But once having find yourself in that kind of problem, you really do have an obligation to make some new regulations to keep you out of that mess in the future. There has to be some way to separate the wheat from the chaff. Without destroying the entire community.

There has to be some way to separate the wheat from the chaff. Without destroying the entire community.

Yes. One problem - the big one here - is that the regulations in effect say, "So long as you cook your books you can stay in business. If you change them to reflect reality then you are finished."

Now, before we jump in and call the regulators idiots let's remember that banks generally fiercely oppose "marking to market," - that is, adjusting the value of assets to reflect their true value rather than some historic number. It makes the earnings look bad and so on, so the rules are theirs as much as anyone's. Left alone they would certainly continue to do things this way.

A more sensible scheme would be to require marking to market, along with appropriate adjustments to other requirements. Never happen.

Part 2 -- Kitchen design: I didn't use a kitchen designer, but I found that when you go to a good cabinet sales company, they have persons that work with you using their design software to produce kitchen plans. The plans are good enough to pull building permits from our town's permit center, which I had to do myself because the builder I worked with wasn't a licensed contractor. (Though I knew him, his work and his family very well ... I wouldn't suggest doing this if you don't have reason to be confident in the person you work with.)

Cabinets: I got Diamond cabinets, which are the cheap alternative. I would probably go up a grade if I did the project again, although my vendor made right all the issues that I had with the cabinets as delivered. I especially love the heavy duty lazy susans in the lower corner cabinets and the after market slide outs in the other lower cabinets and the cabinet above the refrigerator. So easy to get out and put away my small appliances. Pretty much every inch of my cabinets are accessible and the contents visible. I'm using things I didn't remember I had prior to the remodel.

Appliances: get a month's subscription to online consumer reports. Their reviews are very helpful. I also got a Bosch dishwasher, btw, and it has been very good so far ... it was in the middle of the price range of high rated consumer report dishwashers. N.b. google for the evil error E24 that the dishwasher can give. It is important to be scrupulous about cleaning the filter or crud can go past the filter and block the drainage hose and other things. Also the repair person won't give you service under warranty unless you have closely followed all the installation instructions, including using the provided power cord (very short) and draping the drainage hose 28 inches high before it enters the garbage disposal drain. From this you may deduce that this happened to us.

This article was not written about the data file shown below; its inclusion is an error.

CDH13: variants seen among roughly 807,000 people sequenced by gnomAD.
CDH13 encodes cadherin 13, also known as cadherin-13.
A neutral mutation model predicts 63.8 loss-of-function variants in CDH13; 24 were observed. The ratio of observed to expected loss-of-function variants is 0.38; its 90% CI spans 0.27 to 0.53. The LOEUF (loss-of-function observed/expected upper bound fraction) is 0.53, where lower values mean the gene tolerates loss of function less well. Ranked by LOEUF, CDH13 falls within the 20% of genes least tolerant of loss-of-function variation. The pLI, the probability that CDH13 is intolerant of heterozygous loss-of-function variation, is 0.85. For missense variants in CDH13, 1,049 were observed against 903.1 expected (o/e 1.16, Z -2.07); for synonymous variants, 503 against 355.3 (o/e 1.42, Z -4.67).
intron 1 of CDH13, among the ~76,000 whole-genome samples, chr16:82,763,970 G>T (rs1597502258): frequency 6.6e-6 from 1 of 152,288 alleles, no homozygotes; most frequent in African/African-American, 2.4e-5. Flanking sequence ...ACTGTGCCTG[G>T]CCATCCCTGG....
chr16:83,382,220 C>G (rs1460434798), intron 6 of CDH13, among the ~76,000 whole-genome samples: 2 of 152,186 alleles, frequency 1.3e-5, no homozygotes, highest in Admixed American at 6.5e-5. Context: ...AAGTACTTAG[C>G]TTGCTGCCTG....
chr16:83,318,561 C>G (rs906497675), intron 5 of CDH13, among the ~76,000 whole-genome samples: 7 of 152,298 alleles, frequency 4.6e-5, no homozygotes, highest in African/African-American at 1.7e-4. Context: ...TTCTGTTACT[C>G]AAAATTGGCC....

I picked all my appliances by getting a mid price point high rated appliance from Consumer Reports reviews. I used their ratings of service to decide whether to buy an extra service contract. I got one for my LG gas range (love the range -- 5 burners, with a large central one that has a griddle accessory). LG apparently has a reputation for not giving good service, so I hope the contract from the merchant will protect me in the event that there is a failure. I don't actually trust modern electronically controlled appliances, as the electronics are basically computers, the spawn of the devil. (45 yrs low level software experience goes into that opinion.) I got a Bosch hood with removable washable grease trap/filter and fan and light. I got a Sharp drawer microwave which is awesome ... large enough to put a 9x12 casserole in, out of the way, good for vertically challenged users such as myself, but not cheap. (not as expensive as the suggested retail price here, though: http://www.sharpusa.com/ForHome/HomeAppliances/Microwaves/Models/KB6524PS.aspx) I chose the Samsung refrigerator with upper french doors and lower freezer drawer, without ice or ice water via the exterior because of reviews that identified these features as the big repair issues and source of dissatisfaction. It has an internal ice maker however.

Lighting: can LED lights, LED under-cabinet lights, track light pendulums over my large parsons table (works like an island and a way to feed 8 people in the kitchen), and my absolute favorite new feature -- a skylight. The window in my kitchen faces the wall of my neighbor's house and has never been a good source of natural light much less a view.

One more thing. If you use a non-licensed contractor, check who covers workmans' comp, liability insurance etc. It's likely you and your homeowner's policy, which can be an issue. A very expensive issue. and for Ghu's sake, whoever does your work, write a contract. The legal issues can outlast any remodel.

Consider putting in higher than standard counters in your kitchen. We had such in a custom built house -- the original owner, a woman, was reasonably but not greatly tall -- and even my 5'2" mother thought they were better and easier to use when preparing food. Standard is 36"; I think ours were 40".

Consider putting in higher than standard counters in your kitchen.